NYC files appeal to fight stop-and-frisk ruling
Officials in New York City took the first step on Friday towards appealing a federal judge’s ruling from earlier this week in which the police department was told to reform its controversial stop-and-frisk practices.
Four days after United States District Court Judge Shira Scheindlin ruled on the stop-and-frisk tactics of the New York Police Department, officials for the city filed a notice of appeal Friday afternoon.
Judge Scheindlin, ruling for the Southern District of New York, said that the NYPD’s policies were intentionally singling out minorities and ordered an independent monitor to start overseeing stop-and-frisk more closely to look for racial bias.
Mayor Michael Bloomberg immediately contested the court’s decision, saying of Scheindlin, “What does she know about policing? Absolutely zero.”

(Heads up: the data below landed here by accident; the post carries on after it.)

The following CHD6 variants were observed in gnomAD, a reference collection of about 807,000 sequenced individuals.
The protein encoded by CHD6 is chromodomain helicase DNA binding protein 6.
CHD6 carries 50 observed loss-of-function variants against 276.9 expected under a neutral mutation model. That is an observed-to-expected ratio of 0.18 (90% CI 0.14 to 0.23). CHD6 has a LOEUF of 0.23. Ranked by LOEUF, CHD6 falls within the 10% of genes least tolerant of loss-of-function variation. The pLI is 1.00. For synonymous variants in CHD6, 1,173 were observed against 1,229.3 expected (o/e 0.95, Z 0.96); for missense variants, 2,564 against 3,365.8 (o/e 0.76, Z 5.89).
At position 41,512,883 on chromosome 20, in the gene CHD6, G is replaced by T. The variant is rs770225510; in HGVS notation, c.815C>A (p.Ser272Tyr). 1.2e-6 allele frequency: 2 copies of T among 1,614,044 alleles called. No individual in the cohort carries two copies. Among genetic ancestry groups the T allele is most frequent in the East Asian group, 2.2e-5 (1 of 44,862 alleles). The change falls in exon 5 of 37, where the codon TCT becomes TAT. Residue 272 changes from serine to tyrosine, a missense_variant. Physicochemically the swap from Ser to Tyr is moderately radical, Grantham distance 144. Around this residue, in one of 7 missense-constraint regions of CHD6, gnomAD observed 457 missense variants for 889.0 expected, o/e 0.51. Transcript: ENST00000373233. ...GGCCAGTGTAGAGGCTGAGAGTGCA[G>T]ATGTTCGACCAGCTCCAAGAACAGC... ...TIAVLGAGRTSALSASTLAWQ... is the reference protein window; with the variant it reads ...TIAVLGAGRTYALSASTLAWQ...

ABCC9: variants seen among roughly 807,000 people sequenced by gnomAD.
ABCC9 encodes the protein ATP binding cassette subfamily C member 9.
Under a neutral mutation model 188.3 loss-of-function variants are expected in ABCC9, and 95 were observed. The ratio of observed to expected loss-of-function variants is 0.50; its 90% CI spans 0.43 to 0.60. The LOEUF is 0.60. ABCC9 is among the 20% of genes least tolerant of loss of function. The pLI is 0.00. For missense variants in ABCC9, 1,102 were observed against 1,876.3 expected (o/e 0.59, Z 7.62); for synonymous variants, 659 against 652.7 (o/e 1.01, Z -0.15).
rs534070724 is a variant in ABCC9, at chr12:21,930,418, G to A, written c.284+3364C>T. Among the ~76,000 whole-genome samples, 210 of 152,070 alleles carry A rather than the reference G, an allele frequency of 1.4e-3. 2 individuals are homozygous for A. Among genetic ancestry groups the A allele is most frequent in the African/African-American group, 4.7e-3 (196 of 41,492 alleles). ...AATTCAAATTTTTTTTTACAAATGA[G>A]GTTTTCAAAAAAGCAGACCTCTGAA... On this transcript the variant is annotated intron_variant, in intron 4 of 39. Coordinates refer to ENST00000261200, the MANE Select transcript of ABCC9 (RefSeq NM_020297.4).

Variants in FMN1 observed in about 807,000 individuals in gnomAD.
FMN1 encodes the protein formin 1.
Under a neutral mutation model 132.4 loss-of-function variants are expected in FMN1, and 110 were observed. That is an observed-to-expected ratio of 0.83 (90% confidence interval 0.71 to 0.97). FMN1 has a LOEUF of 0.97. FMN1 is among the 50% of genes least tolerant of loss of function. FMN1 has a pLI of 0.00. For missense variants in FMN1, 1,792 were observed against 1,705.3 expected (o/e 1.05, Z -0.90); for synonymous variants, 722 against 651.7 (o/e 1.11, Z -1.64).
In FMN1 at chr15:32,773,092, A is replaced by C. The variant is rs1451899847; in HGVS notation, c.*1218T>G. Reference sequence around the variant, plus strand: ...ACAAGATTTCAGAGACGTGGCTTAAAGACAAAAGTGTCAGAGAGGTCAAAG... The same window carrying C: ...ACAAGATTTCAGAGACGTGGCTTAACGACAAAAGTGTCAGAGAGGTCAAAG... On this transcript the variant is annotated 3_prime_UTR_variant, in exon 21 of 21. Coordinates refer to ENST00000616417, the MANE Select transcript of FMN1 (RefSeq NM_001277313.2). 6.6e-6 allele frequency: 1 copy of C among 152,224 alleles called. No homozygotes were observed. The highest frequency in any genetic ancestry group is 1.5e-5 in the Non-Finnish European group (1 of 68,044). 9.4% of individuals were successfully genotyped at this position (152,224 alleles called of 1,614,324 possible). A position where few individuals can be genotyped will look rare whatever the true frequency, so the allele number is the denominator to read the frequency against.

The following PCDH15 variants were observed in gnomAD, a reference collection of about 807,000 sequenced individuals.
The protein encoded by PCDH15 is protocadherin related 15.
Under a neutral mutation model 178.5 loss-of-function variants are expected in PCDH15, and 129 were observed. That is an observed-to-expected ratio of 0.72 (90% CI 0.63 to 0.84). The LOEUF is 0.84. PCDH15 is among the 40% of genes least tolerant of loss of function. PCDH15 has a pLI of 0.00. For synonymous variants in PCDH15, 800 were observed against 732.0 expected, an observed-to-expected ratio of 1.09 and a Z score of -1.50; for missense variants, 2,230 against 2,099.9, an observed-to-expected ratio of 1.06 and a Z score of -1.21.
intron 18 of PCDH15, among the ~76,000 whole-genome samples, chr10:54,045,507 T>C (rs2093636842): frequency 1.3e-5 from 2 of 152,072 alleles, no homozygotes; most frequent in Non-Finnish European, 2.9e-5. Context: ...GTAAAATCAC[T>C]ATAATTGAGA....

“Your safety and the safety of your kids is now in the hands of some woman who does not have the expertise to do it,” Mayor Bloomberg said in defense of the program.
"We have moved ahead with our formal filings," Michael A. Cardozo, head of the city Law Department, told the Associated Press on Friday of that day’s paperwork. "The mayor, the police commissioner and the city vowed to press forward immediately with an appeal — and we have done so. The safety of all New Yorkers is at stake."
With Friday’s filing of the notice of appeal, lawyers for the city will now have three months to file a formal brief.
Ray Kelly, the commissioner of the NYPD, said in a statement that his agency does not engage in racial profiling and called the court’s allegations to the contrary both disturbing and offensive.
On Wednesday, NYC mayoral candidate Bill de Blasio told MSNBC that he predicted the stop-and-frisk debate will define the race later this year that will find a replacement for Mr. Bloomberg, who by law is prohibited from running for a fourth term.
“The sharpest disparity in the last few years has been two different approaches to policing, depending on what kind of community you lived in,” de Blasio said on the television program Morning Joe. “I think the judge’s ruling put a very, very fine point on the issue…that’s why this whole approach has to end. It’s actually making us less safe for the long run.”